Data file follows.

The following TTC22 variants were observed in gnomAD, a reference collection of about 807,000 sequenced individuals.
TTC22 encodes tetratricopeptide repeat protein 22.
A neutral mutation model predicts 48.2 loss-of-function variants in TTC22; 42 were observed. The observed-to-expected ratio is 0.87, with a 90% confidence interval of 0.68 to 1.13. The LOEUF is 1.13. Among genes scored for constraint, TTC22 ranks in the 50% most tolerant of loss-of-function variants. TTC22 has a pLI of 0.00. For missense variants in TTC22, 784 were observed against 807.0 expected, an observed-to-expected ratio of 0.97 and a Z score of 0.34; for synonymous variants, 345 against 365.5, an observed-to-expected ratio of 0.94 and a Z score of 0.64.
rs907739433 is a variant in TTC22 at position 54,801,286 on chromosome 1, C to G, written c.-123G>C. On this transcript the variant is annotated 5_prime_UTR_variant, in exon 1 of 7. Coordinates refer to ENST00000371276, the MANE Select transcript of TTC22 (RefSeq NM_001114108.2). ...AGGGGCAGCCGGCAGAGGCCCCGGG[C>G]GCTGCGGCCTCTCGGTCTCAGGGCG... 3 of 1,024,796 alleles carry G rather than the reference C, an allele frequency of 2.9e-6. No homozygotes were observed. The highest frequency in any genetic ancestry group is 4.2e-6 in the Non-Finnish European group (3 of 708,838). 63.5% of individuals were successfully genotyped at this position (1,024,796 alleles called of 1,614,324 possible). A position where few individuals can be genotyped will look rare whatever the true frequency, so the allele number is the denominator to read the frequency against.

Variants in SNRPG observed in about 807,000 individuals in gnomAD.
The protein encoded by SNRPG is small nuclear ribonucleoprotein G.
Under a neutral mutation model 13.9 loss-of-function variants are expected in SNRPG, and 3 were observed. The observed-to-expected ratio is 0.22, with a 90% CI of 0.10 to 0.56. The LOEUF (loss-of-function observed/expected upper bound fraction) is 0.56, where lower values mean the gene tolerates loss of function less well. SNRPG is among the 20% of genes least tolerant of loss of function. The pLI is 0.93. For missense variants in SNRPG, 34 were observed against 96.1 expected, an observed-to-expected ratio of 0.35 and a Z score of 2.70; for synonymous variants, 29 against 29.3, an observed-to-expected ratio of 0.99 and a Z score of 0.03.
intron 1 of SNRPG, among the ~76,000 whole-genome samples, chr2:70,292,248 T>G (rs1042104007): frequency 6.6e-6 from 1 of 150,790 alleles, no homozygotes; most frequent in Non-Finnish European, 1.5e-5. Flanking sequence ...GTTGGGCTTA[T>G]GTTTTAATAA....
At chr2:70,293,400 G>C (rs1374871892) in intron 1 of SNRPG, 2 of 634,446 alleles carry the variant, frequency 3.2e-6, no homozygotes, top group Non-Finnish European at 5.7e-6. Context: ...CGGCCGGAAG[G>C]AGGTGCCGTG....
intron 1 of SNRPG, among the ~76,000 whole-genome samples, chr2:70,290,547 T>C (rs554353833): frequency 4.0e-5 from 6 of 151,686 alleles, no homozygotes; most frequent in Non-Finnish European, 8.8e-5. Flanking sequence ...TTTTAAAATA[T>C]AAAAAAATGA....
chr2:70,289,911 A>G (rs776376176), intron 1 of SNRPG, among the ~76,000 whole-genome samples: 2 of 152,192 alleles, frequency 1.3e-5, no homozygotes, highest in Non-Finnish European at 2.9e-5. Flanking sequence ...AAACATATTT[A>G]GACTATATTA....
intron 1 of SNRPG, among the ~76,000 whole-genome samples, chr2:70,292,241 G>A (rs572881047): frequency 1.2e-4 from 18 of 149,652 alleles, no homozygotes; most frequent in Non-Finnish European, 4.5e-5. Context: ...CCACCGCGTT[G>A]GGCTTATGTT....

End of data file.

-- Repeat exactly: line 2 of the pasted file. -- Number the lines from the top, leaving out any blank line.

TTC22 encodes tetratricopeptide repeat protein 22.